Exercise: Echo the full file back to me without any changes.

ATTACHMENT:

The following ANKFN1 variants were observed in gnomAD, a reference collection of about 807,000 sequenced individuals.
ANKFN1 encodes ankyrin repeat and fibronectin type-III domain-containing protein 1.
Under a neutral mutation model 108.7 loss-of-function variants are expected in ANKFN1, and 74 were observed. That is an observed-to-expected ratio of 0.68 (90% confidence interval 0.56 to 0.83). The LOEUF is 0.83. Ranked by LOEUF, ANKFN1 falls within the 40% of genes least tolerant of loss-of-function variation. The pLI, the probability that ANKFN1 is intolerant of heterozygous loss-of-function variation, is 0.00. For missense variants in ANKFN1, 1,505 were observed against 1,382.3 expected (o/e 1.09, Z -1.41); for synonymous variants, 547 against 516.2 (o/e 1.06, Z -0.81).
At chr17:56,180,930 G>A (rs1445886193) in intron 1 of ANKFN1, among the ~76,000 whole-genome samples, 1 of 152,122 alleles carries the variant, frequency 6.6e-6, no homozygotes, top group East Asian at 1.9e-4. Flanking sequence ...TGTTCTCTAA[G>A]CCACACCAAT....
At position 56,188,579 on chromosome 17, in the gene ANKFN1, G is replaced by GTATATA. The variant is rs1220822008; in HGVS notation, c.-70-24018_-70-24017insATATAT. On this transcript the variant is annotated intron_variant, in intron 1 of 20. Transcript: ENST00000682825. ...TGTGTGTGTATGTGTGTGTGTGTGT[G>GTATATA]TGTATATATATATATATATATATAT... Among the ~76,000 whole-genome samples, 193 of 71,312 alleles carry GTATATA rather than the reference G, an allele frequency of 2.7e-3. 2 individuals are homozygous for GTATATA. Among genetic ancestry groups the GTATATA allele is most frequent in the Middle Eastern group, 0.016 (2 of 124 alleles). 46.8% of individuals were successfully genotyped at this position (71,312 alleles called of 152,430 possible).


The following ANKFN1 variants were observed in gnomAD, a reference collection of about 807,000 sequenced individuals.
ANKFN1 encodes ankyrin repeat and fibronectin type-III domain-containing protein 1.
Under a neutral mutation model 108.7 loss-of-function variants are expected in ANKFN1, and 74 were observed. That is an observed-to-expected ratio of 0.68 (90% confidence interval 0.56 to 0.83). The LOEUF is 0.83. Ranked by LOEUF, ANKFN1 falls within the 40% of genes least tolerant of loss-of-function variation. The pLI, the probability that ANKFN1 is intolerant of heterozygous loss-of-function variation, is 0.00. For missense variants in ANKFN1, 1,505 were observed against 1,382.3 expected (o/e 1.09, Z -1.41); for synonymous variants, 547 against 516.2 (o/e 1.06, Z -0.81).
At chr17:56,180,930 G>A (rs1445886193) in intron 1 of ANKFN1, among the ~76,000 whole-genome samples, 1 of 152,122 alleles carries the variant, frequency 6.6e-6, no homozygotes, top group East Asian at 1.9e-4. Flanking sequence ...TGTTCTCTAA[G>A]CCACACCAAT....
At position 56,188,579 on chromosome 17, in the gene ANKFN1, G is replaced by GTATATA. The variant is rs1220822008; in HGVS notation, c.-70-24018_-70-24017insATATAT. On this transcript the variant is annotated intron_variant, in intron 1 of 20. Transcript: ENST00000682825. ...TGTGTGTGTATGTGTGTGTGTGTGT[G>GTATATA]TGTATATATATATATATATATATAT... Among the ~76,000 whole-genome samples, 193 of 71,312 alleles carry GTATATA rather than the reference G, an allele frequency of 2.7e-3. 2 individuals are homozygous for GTATATA. Among genetic ancestry groups the GTATATA allele is most frequent in the Middle Eastern group, 0.016 (2 of 124 alleles). 46.8% of individuals were successfully genotyped at this position (71,312 alleles called of 152,430 possible).